Car buyers who need a loan can apply at a bank or credit union prior to looking for a car. In this way, they can be pre-approved and will know exactly how much they can borrow and what their loan finance rate (interest rate) will be. When they finally decide on a car and are buying from a dealer, they can compare the dealer’s financing with the bank’s financing and go with the best deal.
Continue reading How Do Car Notes Work?
How do I buy a car from an individual private seller — not a dealer?
When you buy a car from an individual, you pay with cash, a money order, or a bank cashiers check. The money can come from savings, a checking account, a family loan, or a loan from a bank or financial company. Most sellers do not like personal checks.
Buyers sometimes expect a private seller to “take payments” but any smart seller will not agree to such a plan. It is too risky. As a buyer, it’s better to get your own loan.
Requirements for a car loan
Loans from banks or finance companies require that you have a not-so-bad credit score, have an income sufficient to repay the loan, and have no excessive debts that might interfer with your ability to repay the loan. Loan companies do not want to give money to people who are unable to repay a loan.
Buying a car with bad credit – or no credit
People who have a bad credit history — a history of not making payments on time or of missing payments on other loans – will have problems getting a car loan. The lender will assume that if you have had problems in the past, there is a good chance that you’ll have problems again.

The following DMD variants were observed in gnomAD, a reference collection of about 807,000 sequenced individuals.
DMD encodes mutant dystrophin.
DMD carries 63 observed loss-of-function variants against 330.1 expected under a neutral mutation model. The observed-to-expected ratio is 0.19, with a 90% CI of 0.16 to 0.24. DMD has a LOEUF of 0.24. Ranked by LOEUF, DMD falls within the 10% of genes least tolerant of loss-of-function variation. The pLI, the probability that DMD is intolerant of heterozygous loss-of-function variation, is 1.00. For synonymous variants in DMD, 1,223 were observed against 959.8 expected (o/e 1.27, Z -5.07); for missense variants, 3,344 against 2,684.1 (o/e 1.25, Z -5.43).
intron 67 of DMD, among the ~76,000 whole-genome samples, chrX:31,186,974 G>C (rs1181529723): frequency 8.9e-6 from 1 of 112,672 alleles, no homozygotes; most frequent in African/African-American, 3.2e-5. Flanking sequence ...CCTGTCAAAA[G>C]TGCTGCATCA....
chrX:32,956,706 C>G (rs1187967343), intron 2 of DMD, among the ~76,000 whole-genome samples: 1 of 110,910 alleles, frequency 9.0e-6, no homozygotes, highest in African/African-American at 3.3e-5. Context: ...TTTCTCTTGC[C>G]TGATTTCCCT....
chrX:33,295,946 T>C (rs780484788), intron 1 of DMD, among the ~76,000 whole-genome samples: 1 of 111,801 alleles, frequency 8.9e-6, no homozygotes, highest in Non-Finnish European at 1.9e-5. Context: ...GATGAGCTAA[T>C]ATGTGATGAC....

Continue reading How to Buy a Car from an Individual Seller
Refinancing your car loan can often lower your monthly payments.
Auto loan interest rates are hovering at the lowest rates seen in many years. If you are currently paying a high rate, you may be able to benefit by refinancing at a lower rate.
Depending on the value of your car and the amount you owe on your loan, you might even be able to refinance and get cash back out of the deal.
Refinancing an auto loan is similar to getting any other used-car loan. You might refinance with the same company with which you have your current loan, or you might go to a different bank or loan company.
If you bought your car new and financed your loan through the car manufacturer’s “captive” finance company, you might find that the company does not do refinance loans. In this case, you’ll have to go to a bank or loan company for your loan.
Loan rates vary between different banks and finance companies. Refinance rates are usually higher than new-car rates, but lower than ordinary used-car rates. Shop around for the best rates.